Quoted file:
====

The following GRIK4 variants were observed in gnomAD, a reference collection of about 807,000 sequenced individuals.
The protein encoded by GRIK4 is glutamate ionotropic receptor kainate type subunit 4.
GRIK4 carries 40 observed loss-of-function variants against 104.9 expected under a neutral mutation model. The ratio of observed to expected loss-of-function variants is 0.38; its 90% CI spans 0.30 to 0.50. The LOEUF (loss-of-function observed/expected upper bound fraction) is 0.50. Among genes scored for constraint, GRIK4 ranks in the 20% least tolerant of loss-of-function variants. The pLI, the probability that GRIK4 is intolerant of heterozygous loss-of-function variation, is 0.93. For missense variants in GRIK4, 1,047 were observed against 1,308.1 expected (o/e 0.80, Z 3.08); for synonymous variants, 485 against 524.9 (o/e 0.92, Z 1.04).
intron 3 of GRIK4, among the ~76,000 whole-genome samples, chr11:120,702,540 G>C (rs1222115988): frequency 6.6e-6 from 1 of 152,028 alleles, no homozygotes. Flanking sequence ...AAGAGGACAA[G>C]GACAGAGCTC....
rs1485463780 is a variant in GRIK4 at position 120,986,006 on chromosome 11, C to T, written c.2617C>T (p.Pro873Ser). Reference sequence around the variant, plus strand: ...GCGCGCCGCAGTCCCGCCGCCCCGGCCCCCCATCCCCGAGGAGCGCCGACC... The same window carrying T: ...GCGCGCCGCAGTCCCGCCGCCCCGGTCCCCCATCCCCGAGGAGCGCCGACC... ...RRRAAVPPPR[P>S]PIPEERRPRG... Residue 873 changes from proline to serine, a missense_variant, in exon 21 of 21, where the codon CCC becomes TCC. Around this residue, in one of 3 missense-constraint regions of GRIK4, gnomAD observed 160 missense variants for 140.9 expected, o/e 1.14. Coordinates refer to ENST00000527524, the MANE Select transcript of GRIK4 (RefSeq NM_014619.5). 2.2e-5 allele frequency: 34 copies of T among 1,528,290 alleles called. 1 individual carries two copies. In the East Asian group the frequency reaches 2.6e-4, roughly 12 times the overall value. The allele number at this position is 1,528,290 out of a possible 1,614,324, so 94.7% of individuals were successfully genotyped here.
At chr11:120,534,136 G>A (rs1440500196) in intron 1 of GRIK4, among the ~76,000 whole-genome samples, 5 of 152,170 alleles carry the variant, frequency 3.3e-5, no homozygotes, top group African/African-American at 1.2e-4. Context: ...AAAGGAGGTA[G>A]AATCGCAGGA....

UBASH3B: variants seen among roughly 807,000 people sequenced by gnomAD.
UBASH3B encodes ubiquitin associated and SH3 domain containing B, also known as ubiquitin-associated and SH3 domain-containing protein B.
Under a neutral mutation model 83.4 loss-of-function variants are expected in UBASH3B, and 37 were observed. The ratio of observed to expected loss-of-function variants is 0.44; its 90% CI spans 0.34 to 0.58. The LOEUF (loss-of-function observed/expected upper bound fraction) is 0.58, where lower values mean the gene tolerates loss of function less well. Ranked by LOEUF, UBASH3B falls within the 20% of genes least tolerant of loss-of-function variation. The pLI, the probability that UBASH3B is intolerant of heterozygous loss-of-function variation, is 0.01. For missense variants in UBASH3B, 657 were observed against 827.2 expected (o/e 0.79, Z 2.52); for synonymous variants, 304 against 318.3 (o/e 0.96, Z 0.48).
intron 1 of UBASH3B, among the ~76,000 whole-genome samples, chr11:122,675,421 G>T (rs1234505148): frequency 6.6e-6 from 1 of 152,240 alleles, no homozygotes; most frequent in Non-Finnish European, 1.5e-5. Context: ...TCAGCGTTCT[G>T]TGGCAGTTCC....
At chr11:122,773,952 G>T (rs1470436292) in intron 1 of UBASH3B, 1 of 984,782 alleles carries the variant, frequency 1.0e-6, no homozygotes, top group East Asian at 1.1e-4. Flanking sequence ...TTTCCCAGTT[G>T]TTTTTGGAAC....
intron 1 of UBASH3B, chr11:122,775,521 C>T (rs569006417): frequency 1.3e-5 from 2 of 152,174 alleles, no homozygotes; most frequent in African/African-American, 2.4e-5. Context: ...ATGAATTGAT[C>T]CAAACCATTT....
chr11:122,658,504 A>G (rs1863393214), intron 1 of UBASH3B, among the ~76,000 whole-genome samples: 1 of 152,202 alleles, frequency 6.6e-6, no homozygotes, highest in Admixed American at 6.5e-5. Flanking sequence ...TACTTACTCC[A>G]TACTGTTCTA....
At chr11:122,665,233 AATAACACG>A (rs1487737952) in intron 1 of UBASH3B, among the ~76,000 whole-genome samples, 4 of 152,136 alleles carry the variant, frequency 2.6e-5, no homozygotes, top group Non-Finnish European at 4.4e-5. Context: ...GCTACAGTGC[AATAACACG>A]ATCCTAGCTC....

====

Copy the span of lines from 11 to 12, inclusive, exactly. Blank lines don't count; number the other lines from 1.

At chr11:122,773,952 G>T (rs1470436292) in intron 1 of UBASH3B, 1 of 984,782 alleles carries the variant, frequency 1.0e-6, no homozygotes, top group East Asian at 1.1e-4. Flanking sequence ...TTTCCCAGTT[G>T]TTTTTGGAAC....
intron 1 of UBASH3B, chr11:122,775,521 C>T (rs569006417): frequency 1.3e-5 from 2 of 152,174 alleles, no homozygotes; most frequent in African/African-American, 2.4e-5. Context: ...ATGAATTGAT[C>T]CAAACCATTT....